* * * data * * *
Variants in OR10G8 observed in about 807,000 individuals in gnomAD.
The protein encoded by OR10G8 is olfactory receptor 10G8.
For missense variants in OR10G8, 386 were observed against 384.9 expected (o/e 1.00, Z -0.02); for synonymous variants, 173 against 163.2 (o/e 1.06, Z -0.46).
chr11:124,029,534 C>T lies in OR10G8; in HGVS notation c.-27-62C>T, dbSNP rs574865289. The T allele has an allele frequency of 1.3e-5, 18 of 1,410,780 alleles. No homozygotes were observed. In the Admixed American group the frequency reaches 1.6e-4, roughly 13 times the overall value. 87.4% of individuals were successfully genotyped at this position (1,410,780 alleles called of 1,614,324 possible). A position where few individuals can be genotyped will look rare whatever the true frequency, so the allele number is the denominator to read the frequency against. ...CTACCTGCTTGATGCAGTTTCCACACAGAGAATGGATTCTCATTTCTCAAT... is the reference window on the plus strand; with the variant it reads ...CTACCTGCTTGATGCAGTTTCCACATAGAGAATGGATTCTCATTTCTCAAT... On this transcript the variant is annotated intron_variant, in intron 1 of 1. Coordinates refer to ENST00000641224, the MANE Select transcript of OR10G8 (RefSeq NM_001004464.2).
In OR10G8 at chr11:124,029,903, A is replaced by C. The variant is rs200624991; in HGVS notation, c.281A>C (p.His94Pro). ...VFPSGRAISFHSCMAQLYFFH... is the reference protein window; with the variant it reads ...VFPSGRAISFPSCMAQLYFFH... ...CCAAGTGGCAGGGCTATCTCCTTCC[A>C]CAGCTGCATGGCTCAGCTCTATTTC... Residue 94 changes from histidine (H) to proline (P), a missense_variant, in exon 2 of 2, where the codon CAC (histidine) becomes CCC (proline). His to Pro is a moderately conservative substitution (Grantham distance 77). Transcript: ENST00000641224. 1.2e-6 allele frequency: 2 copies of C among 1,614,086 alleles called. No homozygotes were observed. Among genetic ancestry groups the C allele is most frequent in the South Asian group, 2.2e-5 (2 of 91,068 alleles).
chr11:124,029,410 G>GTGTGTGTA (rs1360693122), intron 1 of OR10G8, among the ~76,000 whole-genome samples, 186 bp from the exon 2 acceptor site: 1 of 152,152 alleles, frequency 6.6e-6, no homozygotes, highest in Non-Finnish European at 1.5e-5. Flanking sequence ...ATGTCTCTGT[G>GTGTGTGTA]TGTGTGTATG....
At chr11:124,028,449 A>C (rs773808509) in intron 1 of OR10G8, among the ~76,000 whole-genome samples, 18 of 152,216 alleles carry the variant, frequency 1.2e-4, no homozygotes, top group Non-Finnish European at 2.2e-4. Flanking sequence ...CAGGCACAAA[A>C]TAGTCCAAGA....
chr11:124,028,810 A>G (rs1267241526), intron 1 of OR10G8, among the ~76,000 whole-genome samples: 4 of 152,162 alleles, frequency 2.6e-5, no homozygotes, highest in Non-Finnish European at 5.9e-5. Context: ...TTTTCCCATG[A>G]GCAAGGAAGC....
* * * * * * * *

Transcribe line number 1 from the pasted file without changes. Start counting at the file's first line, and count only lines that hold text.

Variants in OR10G8 observed in about 807,000 individuals in gnomAD.